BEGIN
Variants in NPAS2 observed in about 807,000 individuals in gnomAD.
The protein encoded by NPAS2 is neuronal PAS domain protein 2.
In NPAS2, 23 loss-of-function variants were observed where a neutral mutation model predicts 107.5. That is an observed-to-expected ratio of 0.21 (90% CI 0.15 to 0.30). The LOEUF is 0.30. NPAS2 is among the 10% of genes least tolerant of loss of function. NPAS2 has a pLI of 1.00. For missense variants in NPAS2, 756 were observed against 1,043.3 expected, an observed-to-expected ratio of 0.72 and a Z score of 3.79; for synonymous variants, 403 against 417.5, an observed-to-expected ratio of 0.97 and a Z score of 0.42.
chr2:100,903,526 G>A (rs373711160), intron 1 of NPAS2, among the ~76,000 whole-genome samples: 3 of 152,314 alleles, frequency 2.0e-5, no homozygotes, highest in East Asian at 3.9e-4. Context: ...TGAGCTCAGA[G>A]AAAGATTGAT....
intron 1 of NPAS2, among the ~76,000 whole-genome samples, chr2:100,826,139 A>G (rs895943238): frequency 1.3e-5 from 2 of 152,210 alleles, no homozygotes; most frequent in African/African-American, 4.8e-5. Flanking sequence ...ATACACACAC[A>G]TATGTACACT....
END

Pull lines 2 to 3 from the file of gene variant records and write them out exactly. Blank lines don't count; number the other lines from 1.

The protein encoded by NPAS2 is neuronal PAS domain protein 2.
In NPAS2, 23 loss-of-function variants were observed where a neutral mutation model predicts 107.5. That is an observed-to-expected ratio of 0.21 (90% CI 0.15 to 0.30). The LOEUF is 0.30. NPAS2 is among the 10% of genes least tolerant of loss of function. NPAS2 has a pLI of 1.00. For missense variants in NPAS2, 756 were observed against 1,043.3 expected, an observed-to-expected ratio of 0.72 and a Z score of 3.79; for synonymous variants, 403 against 417.5, an observed-to-expected ratio of 0.97 and a Z score of 0.42.